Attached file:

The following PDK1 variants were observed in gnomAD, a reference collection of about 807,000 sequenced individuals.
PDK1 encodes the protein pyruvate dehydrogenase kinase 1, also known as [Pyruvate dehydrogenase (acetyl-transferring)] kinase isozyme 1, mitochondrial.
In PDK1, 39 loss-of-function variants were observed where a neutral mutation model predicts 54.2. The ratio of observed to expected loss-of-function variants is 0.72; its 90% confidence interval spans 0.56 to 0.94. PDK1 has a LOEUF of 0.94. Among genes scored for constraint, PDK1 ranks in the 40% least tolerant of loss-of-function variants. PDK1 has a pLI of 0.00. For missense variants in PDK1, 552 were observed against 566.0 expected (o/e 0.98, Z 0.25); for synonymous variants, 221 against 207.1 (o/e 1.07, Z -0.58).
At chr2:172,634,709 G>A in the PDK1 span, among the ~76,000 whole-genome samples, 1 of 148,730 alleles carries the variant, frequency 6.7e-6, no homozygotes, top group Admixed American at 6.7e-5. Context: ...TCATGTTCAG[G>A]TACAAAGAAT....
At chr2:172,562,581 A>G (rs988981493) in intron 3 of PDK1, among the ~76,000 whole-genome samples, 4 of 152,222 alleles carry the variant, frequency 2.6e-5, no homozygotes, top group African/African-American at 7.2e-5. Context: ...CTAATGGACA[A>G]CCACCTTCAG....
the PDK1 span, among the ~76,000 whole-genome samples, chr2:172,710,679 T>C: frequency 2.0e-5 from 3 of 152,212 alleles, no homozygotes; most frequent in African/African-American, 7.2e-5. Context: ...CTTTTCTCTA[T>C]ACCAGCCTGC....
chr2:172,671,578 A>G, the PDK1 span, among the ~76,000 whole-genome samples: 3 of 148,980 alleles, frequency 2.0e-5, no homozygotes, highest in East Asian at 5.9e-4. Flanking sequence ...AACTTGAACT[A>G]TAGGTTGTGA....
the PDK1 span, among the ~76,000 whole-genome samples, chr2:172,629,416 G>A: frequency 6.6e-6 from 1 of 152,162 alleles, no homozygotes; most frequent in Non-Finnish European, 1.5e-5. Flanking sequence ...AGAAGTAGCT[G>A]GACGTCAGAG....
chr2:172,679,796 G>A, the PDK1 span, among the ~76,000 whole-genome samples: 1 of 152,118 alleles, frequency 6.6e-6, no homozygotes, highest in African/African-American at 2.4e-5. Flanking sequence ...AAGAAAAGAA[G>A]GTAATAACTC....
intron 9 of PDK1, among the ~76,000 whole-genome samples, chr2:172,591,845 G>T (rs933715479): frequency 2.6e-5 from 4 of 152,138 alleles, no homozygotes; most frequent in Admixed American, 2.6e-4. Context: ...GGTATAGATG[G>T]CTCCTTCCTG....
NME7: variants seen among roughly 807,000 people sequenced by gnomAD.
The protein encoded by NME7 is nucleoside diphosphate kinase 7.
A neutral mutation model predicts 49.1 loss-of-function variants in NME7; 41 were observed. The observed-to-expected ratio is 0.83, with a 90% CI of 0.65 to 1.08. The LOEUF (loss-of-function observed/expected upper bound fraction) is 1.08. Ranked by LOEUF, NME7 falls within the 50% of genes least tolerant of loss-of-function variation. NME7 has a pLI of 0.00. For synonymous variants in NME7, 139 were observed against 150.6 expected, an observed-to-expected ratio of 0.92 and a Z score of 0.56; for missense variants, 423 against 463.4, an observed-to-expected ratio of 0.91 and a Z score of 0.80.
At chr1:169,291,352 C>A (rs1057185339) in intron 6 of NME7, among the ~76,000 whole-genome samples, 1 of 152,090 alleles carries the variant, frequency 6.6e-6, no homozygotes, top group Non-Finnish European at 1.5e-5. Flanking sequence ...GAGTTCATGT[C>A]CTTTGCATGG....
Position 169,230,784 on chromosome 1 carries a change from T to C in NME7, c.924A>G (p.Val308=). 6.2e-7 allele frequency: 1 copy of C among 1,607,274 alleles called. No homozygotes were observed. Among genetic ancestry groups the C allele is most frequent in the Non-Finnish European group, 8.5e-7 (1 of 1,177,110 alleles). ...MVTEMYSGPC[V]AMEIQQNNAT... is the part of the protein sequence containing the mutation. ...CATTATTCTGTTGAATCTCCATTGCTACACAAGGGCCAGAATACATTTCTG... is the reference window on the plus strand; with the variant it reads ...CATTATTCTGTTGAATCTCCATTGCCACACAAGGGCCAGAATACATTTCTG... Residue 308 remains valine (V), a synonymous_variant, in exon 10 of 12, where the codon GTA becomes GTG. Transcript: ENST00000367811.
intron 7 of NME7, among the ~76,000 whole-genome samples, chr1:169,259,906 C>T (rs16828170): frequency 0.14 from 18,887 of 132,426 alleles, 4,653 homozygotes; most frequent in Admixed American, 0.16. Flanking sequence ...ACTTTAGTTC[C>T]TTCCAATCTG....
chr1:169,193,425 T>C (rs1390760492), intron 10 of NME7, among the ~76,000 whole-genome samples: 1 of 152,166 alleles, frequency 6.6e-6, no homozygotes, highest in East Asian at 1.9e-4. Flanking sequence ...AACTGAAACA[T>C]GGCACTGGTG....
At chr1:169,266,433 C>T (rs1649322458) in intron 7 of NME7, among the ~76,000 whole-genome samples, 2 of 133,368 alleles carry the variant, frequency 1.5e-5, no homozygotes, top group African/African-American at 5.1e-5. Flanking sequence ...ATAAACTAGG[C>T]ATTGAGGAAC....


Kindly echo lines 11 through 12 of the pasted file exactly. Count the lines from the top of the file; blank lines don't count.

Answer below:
NME7: variants seen among roughly 807,000 people sequenced by gnomAD.
The protein encoded by NME7 is nucleoside diphosphate kinase 7.